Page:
2015-01-29_cheeseThe next best thing to the above mentioned beautiful diet is to look for a supplement that is whole-food based and bioavailable. I'll give you a clue--you probably won't find it on the sale aisle at the Jewel. Talk to your knowledgeable healthcare professional today about what type of supplementation is appropriate for your body and lifestyle. Dietary therapy and associated nutritional counseling is part of the Acupuncture and Oriental Medicine program, as "food therapy" is one of the long-standing branches of Traditional Chinese Medicine. Who else can help? Your chiropractor and your naturopathic doctor also go through extensive education on supplements--ask one of us!

What Can Acupuncture Do for Me

2015-01-22_handsAs soon as I say, "I'm studying acupuncture," their eyes light up. Everyone likes the idea of acupuncture. It sounds exotic, ancient, and trendy all at the same time. What could be better? Yes, the interest is there, but so, undoubtedly, is the follow-up question, "What can acupuncture help with?"

Gee, let me think. My first instinct, based on clinical and personal experience, is to excitedly shout "EVERYTHING" in someone's face. We all know that's not helpful, not specific, and usually not socially acceptable. Instead, I try to reign myself in and itemize a few conditions that might be of concern to the individual in question. My answer then comes out sounding like, "Oh, several things...trouble with sleep, irritability, irregular periods, pain, you know...basically everything." I just can't resist throwing that all-inclusive ending on there.

2015-01-22_wallMaybe I'm not way out of line in doing so. In ancient China, obviously Chinese medicine was the entire medical system, including preventive care, acute care, chronic care, you name it. Your acupuncturist could needle your face, moxa your feet, gua sha your shoulders, tui na your back, and even perform certain surgeries. Back then, "What does acupuncture treat" would have definitely received my favorite answer, "EVERYTHING!" Although, that's probably too rude and aggressive for ancient China. They probably would have responded with something much more humble, and then surprised the pants off you with their amazingly effective acupuncture treatment.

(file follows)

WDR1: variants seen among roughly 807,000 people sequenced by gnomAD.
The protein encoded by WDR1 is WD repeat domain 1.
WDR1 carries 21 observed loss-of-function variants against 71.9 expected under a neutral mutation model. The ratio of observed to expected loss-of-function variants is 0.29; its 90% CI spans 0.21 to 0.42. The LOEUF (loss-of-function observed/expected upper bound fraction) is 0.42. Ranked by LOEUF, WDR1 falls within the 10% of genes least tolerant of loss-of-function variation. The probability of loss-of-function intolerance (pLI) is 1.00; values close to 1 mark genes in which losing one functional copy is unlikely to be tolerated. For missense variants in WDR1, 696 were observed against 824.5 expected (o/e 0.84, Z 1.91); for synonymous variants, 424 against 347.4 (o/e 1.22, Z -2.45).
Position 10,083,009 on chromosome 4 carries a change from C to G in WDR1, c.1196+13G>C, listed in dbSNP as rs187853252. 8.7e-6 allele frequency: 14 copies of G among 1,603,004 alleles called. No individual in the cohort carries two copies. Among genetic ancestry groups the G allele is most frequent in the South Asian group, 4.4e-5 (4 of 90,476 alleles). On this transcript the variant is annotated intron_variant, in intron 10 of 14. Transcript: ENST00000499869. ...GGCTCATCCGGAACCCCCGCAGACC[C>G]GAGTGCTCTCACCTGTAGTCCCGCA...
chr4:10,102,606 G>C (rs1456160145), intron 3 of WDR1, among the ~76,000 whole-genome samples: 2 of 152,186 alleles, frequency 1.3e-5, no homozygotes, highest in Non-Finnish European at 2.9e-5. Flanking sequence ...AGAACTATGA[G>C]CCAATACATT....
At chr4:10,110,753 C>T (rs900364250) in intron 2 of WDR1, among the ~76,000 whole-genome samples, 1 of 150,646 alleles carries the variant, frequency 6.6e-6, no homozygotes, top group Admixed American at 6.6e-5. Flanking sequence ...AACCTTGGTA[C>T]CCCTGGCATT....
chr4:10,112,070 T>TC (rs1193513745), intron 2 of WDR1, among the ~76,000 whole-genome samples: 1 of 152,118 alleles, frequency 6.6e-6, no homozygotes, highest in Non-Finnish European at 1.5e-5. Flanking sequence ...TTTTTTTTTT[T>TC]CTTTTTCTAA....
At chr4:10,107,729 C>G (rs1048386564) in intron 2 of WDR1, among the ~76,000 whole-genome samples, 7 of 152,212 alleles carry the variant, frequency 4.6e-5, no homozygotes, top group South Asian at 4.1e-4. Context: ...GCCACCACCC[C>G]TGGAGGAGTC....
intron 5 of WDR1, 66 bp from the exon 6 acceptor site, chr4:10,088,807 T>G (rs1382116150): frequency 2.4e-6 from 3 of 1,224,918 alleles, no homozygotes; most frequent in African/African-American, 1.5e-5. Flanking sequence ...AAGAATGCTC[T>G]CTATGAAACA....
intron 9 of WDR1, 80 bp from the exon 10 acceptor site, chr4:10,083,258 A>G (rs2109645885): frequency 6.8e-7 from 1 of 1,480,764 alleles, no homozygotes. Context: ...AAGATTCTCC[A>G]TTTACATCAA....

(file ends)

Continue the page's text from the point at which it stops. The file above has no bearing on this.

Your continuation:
2015-01-22_symbolLet's look for a compromise. In America today, you can't just walk around saying that something that's not a drug can treat, prevent, or cure a disease. You can't say it. So, what can we say? In these delicate cases, I defer to the World Health Organization, which lists conditions that acupuncture has proven to be an effective treatment through controlled trials. Although the list we all seem to use is incredibly old -- from 1996 -- we continue to see additional conditions helped by acupuncture in individual studies such as those found via www.pubmed.gov.

Here's our old starting list:

  • Adverse reactions to radiotherapy and/or chemotherapy
  • Allergic rhinitis (including hay fever)
  • Biliary colic
  • Depression (including depressive neurosis and depression following stroke)
  • Dysentery, acute bacillary
  • Dysmenorrhea, primary
  • Epigastralgia, acute (in peptic ulcer, acute and chronic gastritis, and gastrospasm)
  • Facial pain (including craniomandibular disorders)
  • Headache
  • Hypertension, essential
  • Hypotension, primary
  • Induction of labor
  • Knee pain
  • Leukopenia
  • Low back pain
  • Malposition of fetus, correction of Morning Sickness
  • Nausea and vomiting
  • Neck pain
  • Pain in dentistry (including dental pain and temporomandibular dysfunction)
  • Periarthritis of shoulder
  • Postoperative pain
  • Renal colic
  • Rheumatoid arthritis
  • Sciatica
  • Sprain
  • Stroke
  • Tennis elbow

Plus, for our reading pleasure, the World Health Organization also gives us some hopeful additional categories. They list over 60 additional conditions and diseases that acupuncture has been demonstrated to be effective for, but for which additional research is needed. There are about 15 other conditions for which acupuncture has been shown effective for in individual cases, or for which conventional treatment is difficult or ineffective.

2015-01-22_checkSo, next time someone asks me what acupuncture can help them with, I'm going to give in and shout, "EVERYTHING," at them. After all, odds are I'd be right. Does it treat this? Check. Does it treat that? CHECK!